Contraception – Hormonal Injections
Print Friendly, PDF & Email

almostadoctor app banner for android and iOS almostadoctor iPhone, iPad and android apps almostadoctor iOS app almostadoctor android app


The contraceptive injection is a common form of progesterone only contraception given to women. Injections are typically given every 3 months. Hormonal injections and generally considered >99% effective for contraception, but provide no protection against STIs.

There can be a slightly erratic return to normal period after the medication is ceased. There is also a risk of weight gain compared to some other methods of contraception.

There are two brands available in the UK:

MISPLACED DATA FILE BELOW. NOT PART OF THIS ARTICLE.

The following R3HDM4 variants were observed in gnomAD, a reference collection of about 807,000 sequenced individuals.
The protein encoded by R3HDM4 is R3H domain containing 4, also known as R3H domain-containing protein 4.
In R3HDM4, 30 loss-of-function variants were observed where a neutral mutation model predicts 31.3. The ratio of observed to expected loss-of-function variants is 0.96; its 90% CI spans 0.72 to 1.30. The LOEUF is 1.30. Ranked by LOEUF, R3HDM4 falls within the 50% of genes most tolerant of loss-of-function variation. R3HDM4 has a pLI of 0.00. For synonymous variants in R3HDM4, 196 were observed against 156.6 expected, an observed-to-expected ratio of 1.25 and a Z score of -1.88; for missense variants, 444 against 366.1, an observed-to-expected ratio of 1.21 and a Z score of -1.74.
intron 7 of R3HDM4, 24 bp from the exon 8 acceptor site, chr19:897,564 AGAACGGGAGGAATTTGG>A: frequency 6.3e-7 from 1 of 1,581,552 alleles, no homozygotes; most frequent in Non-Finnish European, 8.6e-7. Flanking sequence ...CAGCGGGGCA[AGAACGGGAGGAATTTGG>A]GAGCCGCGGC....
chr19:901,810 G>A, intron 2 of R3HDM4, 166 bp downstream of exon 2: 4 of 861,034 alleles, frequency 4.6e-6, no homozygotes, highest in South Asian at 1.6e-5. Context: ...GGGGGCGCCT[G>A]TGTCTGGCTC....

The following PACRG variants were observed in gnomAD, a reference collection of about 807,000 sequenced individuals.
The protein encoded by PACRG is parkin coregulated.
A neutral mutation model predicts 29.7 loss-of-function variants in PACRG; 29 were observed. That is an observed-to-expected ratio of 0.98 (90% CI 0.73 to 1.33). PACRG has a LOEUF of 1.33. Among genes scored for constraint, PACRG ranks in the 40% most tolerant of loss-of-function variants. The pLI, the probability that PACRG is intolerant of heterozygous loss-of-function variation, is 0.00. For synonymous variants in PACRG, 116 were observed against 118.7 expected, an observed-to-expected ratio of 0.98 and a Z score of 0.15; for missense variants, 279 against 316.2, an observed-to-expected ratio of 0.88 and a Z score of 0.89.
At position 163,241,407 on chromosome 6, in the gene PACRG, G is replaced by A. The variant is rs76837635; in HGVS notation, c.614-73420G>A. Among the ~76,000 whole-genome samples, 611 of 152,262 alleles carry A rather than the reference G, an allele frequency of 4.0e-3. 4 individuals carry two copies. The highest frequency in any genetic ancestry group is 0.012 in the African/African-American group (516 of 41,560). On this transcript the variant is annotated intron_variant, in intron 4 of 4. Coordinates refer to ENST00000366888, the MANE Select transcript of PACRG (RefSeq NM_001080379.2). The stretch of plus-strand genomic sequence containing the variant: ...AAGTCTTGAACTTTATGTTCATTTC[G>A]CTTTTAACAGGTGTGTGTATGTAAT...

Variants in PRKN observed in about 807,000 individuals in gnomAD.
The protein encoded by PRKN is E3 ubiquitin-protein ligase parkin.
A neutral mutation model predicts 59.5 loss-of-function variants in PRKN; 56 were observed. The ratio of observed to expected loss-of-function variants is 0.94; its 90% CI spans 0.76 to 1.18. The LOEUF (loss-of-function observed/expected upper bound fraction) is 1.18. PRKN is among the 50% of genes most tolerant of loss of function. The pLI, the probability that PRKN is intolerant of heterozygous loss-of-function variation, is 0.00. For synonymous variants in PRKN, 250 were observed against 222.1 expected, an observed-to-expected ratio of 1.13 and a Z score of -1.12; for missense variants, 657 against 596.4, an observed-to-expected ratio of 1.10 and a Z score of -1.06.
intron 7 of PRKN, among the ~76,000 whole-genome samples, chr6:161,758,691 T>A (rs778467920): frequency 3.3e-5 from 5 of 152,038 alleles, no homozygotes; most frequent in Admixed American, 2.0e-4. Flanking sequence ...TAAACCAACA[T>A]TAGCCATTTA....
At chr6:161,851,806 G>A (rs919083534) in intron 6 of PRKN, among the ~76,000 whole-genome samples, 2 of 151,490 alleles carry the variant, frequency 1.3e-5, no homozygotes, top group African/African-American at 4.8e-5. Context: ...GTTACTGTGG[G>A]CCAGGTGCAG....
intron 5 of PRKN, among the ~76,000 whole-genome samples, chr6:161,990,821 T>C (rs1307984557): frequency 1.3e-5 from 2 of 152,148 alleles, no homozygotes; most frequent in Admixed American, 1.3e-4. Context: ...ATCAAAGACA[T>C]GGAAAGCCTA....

Depo-Provera – administered every 12 weeks

  • Injection of choice
  • Aka Medroxyprogesterone acetate

Noristerat – administered every 8 weeks

  • Depo-provera is more effective than Noristerat
  • Usually only offered as short-term treatment – e.g. for women waiting for sterilisation


> 99% effective
Depot (every 12 wks) Noristerat (every 8 wks)
slow release of progesterone into body – thinning endometrium, preventing ovulation and thickening cervical mucus
No oestrogen content
Reduces PID
Can use in Breastfeeding and epileptics
May cause irregular bleeding – amenorrhoea, irregular , longer
Fertility may take time to return to normal (~10m)
Weight gain ~ 3kg in 1st yr
SE = headache, mood change and breast tenderness , acne and hirtuism
Abnormal undiagnosed vaginal bleeding, severe cardiac disease, acute liver disease


  • Quoted as >99% effective